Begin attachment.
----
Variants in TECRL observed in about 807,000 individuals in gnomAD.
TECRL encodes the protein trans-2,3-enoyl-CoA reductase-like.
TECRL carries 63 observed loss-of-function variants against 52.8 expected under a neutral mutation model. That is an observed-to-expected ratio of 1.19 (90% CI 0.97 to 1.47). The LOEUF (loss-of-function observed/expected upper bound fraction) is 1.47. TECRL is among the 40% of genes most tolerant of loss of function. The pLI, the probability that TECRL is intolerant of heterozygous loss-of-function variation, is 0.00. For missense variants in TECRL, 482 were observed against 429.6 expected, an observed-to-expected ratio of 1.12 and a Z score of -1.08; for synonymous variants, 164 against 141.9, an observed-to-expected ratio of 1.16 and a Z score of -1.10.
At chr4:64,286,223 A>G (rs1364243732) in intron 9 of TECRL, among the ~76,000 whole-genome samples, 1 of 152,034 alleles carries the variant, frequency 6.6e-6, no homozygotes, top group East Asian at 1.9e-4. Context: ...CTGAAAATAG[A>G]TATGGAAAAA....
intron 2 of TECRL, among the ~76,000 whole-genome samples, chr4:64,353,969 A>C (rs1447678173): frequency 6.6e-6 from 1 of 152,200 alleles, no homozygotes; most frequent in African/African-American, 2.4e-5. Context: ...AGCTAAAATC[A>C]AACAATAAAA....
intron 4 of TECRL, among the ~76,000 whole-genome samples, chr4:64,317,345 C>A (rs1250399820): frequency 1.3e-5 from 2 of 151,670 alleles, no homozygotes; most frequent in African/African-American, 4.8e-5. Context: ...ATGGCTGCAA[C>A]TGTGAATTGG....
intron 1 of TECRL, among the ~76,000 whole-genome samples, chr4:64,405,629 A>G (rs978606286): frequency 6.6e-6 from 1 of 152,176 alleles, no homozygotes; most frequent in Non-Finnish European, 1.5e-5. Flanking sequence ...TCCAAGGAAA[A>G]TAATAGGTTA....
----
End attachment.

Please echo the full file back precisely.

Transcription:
Variants in TECRL observed in about 807,000 individuals in gnomAD.
TECRL encodes the protein trans-2,3-enoyl-CoA reductase-like.
TECRL carries 63 observed loss-of-function variants against 52.8 expected under a neutral mutation model. That is an observed-to-expected ratio of 1.19 (90% CI 0.97 to 1.47). The LOEUF (loss-of-function observed/expected upper bound fraction) is 1.47. TECRL is among the 40% of genes most tolerant of loss of function. The pLI, the probability that TECRL is intolerant of heterozygous loss-of-function variation, is 0.00. For missense variants in TECRL, 482 were observed against 429.6 expected, an observed-to-expected ratio of 1.12 and a Z score of -1.08; for synonymous variants, 164 against 141.9, an observed-to-expected ratio of 1.16 and a Z score of -1.10.
At chr4:64,286,223 A>G (rs1364243732) in intron 9 of TECRL, among the ~76,000 whole-genome samples, 1 of 152,034 alleles carries the variant, frequency 6.6e-6, no homozygotes, top group East Asian at 1.9e-4. Context: ...CTGAAAATAG[A>G]TATGGAAAAA....
intron 2 of TECRL, among the ~76,000 whole-genome samples, chr4:64,353,969 A>C (rs1447678173): frequency 6.6e-6 from 1 of 152,200 alleles, no homozygotes; most frequent in African/African-American, 2.4e-5. Context: ...AGCTAAAATC[A>C]AACAATAAAA....
intron 4 of TECRL, among the ~76,000 whole-genome samples, chr4:64,317,345 C>A (rs1250399820): frequency 1.3e-5 from 2 of 151,670 alleles, no homozygotes; most frequent in African/African-American, 4.8e-5. Context: ...ATGGCTGCAA[C>A]TGTGAATTGG....
intron 1 of TECRL, among the ~76,000 whole-genome samples, chr4:64,405,629 A>G (rs978606286): frequency 6.6e-6 from 1 of 152,176 alleles, no homozygotes; most frequent in Non-Finnish European, 1.5e-5. Flanking sequence ...TCCAAGGAAA[A>G]TAATAGGTTA....